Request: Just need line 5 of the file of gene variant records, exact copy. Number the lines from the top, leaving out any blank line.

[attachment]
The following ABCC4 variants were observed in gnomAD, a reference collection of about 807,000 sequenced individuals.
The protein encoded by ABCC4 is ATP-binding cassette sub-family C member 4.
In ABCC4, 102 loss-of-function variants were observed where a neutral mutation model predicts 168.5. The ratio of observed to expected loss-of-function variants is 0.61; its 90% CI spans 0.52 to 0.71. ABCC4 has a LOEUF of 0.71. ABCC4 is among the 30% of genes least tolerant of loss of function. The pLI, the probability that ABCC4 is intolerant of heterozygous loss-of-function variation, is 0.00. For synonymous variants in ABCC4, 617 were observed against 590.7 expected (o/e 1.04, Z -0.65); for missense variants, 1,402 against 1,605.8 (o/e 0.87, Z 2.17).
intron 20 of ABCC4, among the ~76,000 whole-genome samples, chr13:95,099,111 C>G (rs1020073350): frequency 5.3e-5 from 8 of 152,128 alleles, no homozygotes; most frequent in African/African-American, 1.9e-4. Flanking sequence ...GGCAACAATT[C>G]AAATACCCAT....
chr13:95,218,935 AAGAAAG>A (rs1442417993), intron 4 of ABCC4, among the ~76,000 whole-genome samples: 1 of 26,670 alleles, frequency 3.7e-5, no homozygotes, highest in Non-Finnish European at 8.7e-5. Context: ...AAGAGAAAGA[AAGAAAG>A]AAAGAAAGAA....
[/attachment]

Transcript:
chr13:95,218,935 AAGAAAG>A (rs1442417993), intron 4 of ABCC4, among the ~76,000 whole-genome samples: 1 of 26,670 alleles, frequency 3.7e-5, no homozygotes, highest in Non-Finnish European at 8.7e-5. Context: ...AAGAGAAAGA[AAGAAAG>A]AAAGAAAGAA....